Shame and guilt no help to Wadeye
Date: May 28 2006
The Pope reckons we owe the Aborigines an apology. He told the new ambassador to the Vatican that the Australian Government should seek forgiveness from Aborigines. "Asking for forgiveness and granting forgiveness (are) two indispensable elements of peace."
We've heard it all before and many of us would like the PM to find it in himself to apologise and ask for forgiveness so that we can get on with whatever must come next. The whole issue of a ritual apology and forgiveness has now become such a psychological stumbling block that it has turned into an excuse for everything.
If only the Government would apologise, peace, goodness and light would descend on Aboriginal communities and the children would run happily to school, and booze would be kept out of the camps and no one would sniff petrol and there would be no more violence.
It's all nonsense, of course, but the constant bickering and hectoring over who should apologise for what is utterly distracting.
The admonition to apologise from Joseph Ratzinger raises some issues about who owes an apology to whom and when should leaders presume to offer an apology on behalf of an entire nation, most of whose citizens had no direct part in committing the crimes for which we are admitting guilt.
When the then Cardinal Ratzinger paid his respects at the grave of the German soldiers killed during the invasion of Europe by the Allies in 1944, he had this to say, by way of exonerating the dead from guilt: "In this hour we bow in respect to the dead of the Second World War. We remember the many young people from our homeland whose futures and hopes were destroyed in the bloody slaughter of the war. As Germans we cannot help but be painfully moved to realise that their idealism and their obedience to the state were misused by an unjust government."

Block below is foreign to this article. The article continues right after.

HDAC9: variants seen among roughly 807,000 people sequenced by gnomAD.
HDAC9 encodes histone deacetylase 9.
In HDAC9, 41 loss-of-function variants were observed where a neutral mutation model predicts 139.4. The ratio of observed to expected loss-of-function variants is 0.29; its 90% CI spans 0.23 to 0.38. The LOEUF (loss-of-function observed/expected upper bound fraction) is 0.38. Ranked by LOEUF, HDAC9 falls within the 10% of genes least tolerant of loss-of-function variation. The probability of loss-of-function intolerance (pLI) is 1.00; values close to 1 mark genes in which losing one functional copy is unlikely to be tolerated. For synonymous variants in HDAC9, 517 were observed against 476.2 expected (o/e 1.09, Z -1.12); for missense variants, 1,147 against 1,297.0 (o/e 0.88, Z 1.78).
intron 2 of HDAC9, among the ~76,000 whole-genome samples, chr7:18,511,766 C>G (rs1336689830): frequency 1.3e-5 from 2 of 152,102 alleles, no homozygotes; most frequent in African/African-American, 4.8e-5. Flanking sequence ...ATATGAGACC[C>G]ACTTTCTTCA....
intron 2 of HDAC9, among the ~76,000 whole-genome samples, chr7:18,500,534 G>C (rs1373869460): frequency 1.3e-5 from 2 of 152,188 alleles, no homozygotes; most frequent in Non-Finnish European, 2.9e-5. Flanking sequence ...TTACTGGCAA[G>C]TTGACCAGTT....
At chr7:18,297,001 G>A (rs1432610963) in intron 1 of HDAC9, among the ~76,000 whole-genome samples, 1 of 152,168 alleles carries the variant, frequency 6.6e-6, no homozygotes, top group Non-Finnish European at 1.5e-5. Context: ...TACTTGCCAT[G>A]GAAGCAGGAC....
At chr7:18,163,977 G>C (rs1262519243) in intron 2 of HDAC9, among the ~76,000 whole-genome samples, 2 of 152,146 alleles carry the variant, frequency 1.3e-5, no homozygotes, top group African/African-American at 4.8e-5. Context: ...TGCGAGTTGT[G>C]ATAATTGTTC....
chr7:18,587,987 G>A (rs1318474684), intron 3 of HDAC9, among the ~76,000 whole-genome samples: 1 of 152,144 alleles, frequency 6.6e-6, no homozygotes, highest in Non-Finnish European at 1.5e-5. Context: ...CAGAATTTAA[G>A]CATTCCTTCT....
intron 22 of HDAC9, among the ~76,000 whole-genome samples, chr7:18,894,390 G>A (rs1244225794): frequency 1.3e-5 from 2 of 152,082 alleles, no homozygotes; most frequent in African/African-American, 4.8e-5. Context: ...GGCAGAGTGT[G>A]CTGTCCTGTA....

Ratzinger, the Pope-to-be, said that "they simply tried to do their duty". He also said that it wasn't his place to judge the dead, which at the cemetery where he was speaking included members of the Waffen SS. Even the SS must answer to their own consciences "into which only God can see".
In other words, the apology for the murderous horrors of the war can only come from the Nazi leaders, now all dead.
The implication of what he said is clear: if you were only doing your duty you are not culpable; if you belong to a generation that wasn't there you are not guilty. There are big moral questions being raised here, and it is surprising that His Holiness applies different standards to Germans than to Australians.
The doctor at Wadeye, Patrick Rebgetz, says that "Australia should be ashamed" at what's happening there. But shame is no more helpful than contrition.
Shame and guilt are luxurious sentiments that do nothing to help. This is not South Africa or Alabama. The people of Wadeye do not live in squalor because it is enforced by the government or intended by the citizens. Australians are not so much ashamed of what goes on in the camps of the Northern Territory as we are perplexed.
Every federal government since Gorton's has treated Aboriginal disadvantage seriously and with compassion. Why do things get worse rather than better? Were missions really such a bad idea?